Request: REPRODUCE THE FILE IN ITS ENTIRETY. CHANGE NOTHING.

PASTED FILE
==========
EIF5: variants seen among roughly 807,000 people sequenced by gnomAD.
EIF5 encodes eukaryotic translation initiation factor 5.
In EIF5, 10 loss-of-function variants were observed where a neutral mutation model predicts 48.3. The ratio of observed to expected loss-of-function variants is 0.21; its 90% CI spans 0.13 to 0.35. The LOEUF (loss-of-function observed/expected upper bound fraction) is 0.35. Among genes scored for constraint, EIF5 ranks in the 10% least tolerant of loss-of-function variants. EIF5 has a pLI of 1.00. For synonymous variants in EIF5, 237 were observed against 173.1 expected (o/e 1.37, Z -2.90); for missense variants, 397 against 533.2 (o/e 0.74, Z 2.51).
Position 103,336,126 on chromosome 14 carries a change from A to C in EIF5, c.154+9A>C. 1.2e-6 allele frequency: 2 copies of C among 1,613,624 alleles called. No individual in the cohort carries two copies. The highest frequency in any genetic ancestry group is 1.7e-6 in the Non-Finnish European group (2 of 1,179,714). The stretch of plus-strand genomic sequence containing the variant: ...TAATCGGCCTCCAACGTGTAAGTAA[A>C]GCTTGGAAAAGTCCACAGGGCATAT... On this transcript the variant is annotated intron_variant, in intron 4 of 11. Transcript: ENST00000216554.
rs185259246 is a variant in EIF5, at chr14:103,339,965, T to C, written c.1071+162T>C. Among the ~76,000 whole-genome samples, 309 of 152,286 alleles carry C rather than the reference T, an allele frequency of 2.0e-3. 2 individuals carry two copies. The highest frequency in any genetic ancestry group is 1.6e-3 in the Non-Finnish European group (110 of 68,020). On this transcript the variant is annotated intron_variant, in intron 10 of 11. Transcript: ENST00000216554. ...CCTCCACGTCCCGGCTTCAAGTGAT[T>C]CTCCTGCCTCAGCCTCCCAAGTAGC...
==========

EIF5: variants seen among roughly 807,000 people sequenced by gnomAD.
EIF5 encodes eukaryotic translation initiation factor 5.
In EIF5, 10 loss-of-function variants were observed where a neutral mutation model predicts 48.3. The ratio of observed to expected loss-of-function variants is 0.21; its 90% CI spans 0.13 to 0.35. The LOEUF (loss-of-function observed/expected upper bound fraction) is 0.35. Among genes scored for constraint, EIF5 ranks in the 10% least tolerant of loss-of-function variants. EIF5 has a pLI of 1.00. For synonymous variants in EIF5, 237 were observed against 173.1 expected (o/e 1.37, Z -2.90); for missense variants, 397 against 533.2 (o/e 0.74, Z 2.51).
Position 103,336,126 on chromosome 14 carries a change from A to C in EIF5, c.154+9A>C. 1.2e-6 allele frequency: 2 copies of C among 1,613,624 alleles called. No individual in the cohort carries two copies. The highest frequency in any genetic ancestry group is 1.7e-6 in the Non-Finnish European group (2 of 1,179,714). The stretch of plus-strand genomic sequence containing the variant: ...TAATCGGCCTCCAACGTGTAAGTAA[A>C]GCTTGGAAAAGTCCACAGGGCATAT... On this transcript the variant is annotated intron_variant, in intron 4 of 11. Transcript: ENST00000216554.
rs185259246 is a variant in EIF5, at chr14:103,339,965, T to C, written c.1071+162T>C. Among the ~76,000 whole-genome samples, 309 of 152,286 alleles carry C rather than the reference T, an allele frequency of 2.0e-3. 2 individuals carry two copies. The highest frequency in any genetic ancestry group is 1.6e-3 in the Non-Finnish European group (110 of 68,020). On this transcript the variant is annotated intron_variant, in intron 10 of 11. Transcript: ENST00000216554. ...CCTCCACGTCCCGGCTTCAAGTGAT[T>C]CTCCTGCCTCAGCCTCCCAAGTAGC...